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Fact Check-2013 U.S. Supreme Court judgement did not rule that people inoculated with mRNA vaccines are no longer human

A 2013 Supreme Court ruling is being misunderstood by social media users, with some citing it as proof that those who are inoculated with an mRNA COVID-19 vaccine can be patented and are no longer human.

Users shared a post on social media that reads: “The US Supreme Court ruled that vaccinated people around the world are now “products”, or patented goods, and are no longer human under US law. By vaccinating with modified DNA or RNA, a person ceases to be a human and becomes the property of the patentee of the mRNA vaccine. Their genome is no longer human, but “trans-human”, a category that does not exist in human rights. The characteristics of the natural man and all rights that result from them are lost. This applies to the whole country.”

Users cited the 2013 Supreme Court ruling ‘Association for Molecular Pathology et al. v Myriad Genetics, inc., et al.’ as proof of the claim.

The ruling prohibited patents on naturally occurring human genes but allowed legal protections on synthetically produced genetic material (here). The judgement can be seen (archive.is/wip/T9GE5).

Examples of the claim online can be seen (here), (here), (here), (here).

“The Myriad case concerns cells in a laboratory setting. It has nothing to do with cells when they are in someone’s body. And it has nothing to do with human beings,” Robin Feldman, Arthur J. Goldberg Distinguished Professor of Law at University of California Hastings told Reuters.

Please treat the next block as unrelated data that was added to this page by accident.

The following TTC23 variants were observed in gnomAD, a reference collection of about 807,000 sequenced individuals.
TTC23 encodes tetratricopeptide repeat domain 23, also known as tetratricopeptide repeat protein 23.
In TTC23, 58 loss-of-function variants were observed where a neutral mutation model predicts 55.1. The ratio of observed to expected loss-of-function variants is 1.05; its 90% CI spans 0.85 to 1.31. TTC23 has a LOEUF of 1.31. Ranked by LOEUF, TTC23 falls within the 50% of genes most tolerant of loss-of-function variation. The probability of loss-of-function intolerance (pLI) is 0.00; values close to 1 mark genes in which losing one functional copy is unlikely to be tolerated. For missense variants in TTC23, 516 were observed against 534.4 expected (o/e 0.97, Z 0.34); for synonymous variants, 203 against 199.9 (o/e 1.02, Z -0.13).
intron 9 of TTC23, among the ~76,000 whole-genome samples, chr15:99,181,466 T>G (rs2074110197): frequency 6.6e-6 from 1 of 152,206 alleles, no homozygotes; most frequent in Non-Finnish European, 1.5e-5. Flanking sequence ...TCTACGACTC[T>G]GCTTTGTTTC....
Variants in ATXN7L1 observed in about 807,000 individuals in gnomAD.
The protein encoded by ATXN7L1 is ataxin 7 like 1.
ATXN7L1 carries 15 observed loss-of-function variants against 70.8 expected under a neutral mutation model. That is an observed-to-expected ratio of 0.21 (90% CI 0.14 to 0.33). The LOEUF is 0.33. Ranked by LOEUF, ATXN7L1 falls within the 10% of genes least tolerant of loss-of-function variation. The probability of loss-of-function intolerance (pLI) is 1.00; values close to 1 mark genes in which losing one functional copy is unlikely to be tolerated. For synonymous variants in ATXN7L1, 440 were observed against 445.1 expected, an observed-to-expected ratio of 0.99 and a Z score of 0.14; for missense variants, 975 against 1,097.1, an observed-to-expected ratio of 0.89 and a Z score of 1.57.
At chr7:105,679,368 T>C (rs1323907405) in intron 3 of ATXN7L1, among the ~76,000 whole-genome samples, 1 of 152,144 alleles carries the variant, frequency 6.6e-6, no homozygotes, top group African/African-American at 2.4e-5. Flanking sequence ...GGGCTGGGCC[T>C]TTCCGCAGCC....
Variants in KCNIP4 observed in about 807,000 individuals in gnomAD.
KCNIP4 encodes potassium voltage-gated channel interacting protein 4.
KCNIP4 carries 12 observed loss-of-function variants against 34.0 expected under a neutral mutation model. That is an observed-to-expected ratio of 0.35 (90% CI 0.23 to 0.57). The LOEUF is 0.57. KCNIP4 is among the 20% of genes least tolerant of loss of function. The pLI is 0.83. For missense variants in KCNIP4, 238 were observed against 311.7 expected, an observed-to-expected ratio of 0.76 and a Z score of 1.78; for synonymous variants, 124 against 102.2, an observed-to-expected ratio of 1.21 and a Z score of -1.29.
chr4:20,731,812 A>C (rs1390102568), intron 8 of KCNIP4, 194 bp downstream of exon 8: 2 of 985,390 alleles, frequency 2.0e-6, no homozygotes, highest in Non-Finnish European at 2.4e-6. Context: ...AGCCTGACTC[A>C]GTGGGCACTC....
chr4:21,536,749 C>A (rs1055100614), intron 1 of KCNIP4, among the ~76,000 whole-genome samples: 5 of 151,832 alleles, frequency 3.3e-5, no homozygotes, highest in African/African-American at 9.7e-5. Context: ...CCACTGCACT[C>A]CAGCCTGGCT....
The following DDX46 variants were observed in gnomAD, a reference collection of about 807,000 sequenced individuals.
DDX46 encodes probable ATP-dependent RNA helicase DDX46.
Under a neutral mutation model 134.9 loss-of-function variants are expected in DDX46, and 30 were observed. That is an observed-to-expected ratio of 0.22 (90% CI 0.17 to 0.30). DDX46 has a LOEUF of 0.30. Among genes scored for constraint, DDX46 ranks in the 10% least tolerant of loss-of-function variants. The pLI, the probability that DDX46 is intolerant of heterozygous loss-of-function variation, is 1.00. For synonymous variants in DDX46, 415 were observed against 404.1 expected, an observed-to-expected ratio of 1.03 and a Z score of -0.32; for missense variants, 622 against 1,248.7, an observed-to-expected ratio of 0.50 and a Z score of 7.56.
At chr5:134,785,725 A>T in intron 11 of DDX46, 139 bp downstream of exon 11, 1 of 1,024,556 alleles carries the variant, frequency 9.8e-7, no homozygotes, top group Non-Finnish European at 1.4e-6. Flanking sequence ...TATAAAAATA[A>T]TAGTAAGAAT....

The Supreme Court judgement pertains to a ruling that came in response to a challenge launched by medical researchers and others to seven patents that were owned by or licensed to Myriad Genetics Inc on two genes linked to breast and ovarian cancer (here).

The Court ruled that synthetically created complementary DNA (cDNA) is patentable, while isolated natural DNA is not (here).

A memorandum issued on June 13, 2013, related to the case, is also viewable (here).

The claim that the judgement causes those injected with an mRNA vaccine to no longer be human and open to being patented is “utterly absurd, wholly apart from misunderstanding how these vaccines work (they are not akin to gene therapies that modify somatic cells)---in the Myriad decision, SCOTUS dramatically narrowed the patentability of gene patents unconnected to use in humans, and the outputs (e.g. a cured CF patient) of therapeutic applications are even more clearly unpatentable subject matter,” Professor Lars Noah, Chesterfield Smith Eminent Scholar, University of Florida Levin College of Law, told Reuters.

Meanwhile, “being injected with a patented vaccine doesn’t extend the patent to the recipient any more than getting a patented heart stent or pacemaker,” Jorge Contreras, Presidential Scholar and Professor of Law Director, Program on Intellectual Property Law & Policy at the University of Utah, and author of ‘The Genome Defense’ (genomedefense.org/), a book about the Myriad Genetics case, told Reuters.

The U.S. Patent Act also “expressly prohibits patenting human organisms,” Contreras added (here). Section 33(a) of the 2011 Leahy-Smith America Invents Act states: "Notwithstanding any other provision of law, no patent may issue on a claim directed to or encompassing a human organism” (here).

VERDICT

False. A 2013 Supreme Court judgement did not find that people inoculated with an mRNA vaccine are no longer human and can be patented. The ruling found that isolated naturally occurring nucleic acid could not be patentable, but non-naturally occurring nucleic acids, such as cDNA, can be eligible.

This article was produced by the Reuters Fact Check team. Read more about our fact-checking work here .

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